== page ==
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Clinical Microfluidics

Clinical diagnostics is one of the fastest developing areas for microfluidic applications. Point-of-care (POC) blood analysis represents a rapidly growing market with the potential to reshape the delivery of health care. Microfluidics has the potential to spur the development of protocols and affordable instruments for specific blood analyses with minimal perturbation of individual cell populations. Current research at the Clinical microfluidics lab involves development of microfluidic point-of-care devices for blood diagnostics with focus on sample preparation for bacteria isolation from whole blood for sepsis diagnostics; cell sorting for (i)cancer, (ii)allergy and (iii)HIV diagnostics;  and DNA analysis (for low cost molecular diagnostics).  The Clinical microfluidics group has a number of national and international collaboration projects, and we are currently coordinating one EU FP7 project (InTopSens) and WP leader in additional two EU FP7 projects (Digital Sequencing and RAPP-ID).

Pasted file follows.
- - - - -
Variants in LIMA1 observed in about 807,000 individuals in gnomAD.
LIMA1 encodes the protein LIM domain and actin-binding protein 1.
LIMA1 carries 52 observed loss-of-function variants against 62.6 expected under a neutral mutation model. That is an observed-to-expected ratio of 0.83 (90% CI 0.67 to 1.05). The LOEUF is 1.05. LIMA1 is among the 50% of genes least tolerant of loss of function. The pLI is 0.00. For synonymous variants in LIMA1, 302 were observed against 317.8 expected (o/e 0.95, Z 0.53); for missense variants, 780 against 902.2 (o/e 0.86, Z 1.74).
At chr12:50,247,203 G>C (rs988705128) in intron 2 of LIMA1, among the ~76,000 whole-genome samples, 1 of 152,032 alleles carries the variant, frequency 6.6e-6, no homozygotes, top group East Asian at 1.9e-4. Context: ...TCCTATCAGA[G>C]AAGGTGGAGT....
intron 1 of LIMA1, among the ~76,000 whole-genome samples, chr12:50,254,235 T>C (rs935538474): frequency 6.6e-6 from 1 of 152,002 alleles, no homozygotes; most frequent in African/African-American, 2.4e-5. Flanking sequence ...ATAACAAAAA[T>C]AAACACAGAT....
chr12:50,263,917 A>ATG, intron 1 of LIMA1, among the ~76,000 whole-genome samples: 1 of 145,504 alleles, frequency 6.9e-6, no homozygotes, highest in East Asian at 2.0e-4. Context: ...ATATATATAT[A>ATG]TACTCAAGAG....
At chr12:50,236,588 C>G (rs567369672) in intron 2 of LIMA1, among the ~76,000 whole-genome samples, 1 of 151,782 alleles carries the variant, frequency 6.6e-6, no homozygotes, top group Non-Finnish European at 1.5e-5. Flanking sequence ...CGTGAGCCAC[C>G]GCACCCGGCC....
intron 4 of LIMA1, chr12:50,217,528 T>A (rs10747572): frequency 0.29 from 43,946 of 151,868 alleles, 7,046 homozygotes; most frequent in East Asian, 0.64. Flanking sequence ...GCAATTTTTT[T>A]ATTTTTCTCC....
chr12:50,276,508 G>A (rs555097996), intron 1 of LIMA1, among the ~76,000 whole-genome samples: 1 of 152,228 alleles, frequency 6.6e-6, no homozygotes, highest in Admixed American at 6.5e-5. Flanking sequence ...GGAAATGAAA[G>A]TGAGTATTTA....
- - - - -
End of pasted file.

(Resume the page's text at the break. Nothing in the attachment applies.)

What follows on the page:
We have also developed a microwell chip (672 wells of 500 nl) consisting of glass and silicon, with a spacing between wells that is compatible with automatic sorting of single cells into individual wells. This chip has been applied in many different biological studies, for example single leukemic non-adherent cancer cells were investigated for their heterogeneity in cell proliferation. The chip has subsequently also shown potential in protein analysis, mutation analysis by PCR, microfluidic integration and also for stem cell research. The combination of 1) the hundreds of experiments that can be run simultaneously in the chip and 2) the small volume per well saving reagent cost in molecule screens, makes the microwell chip a perfect match in cell research where high-throughput analysis is of utmost interest and the cellular effects of expensive molecules often are to be studied.

Figure 2. Microwell chip for single cell analysis
Belongs to: Department of Protein Science
Last changed: Jan 30, 2013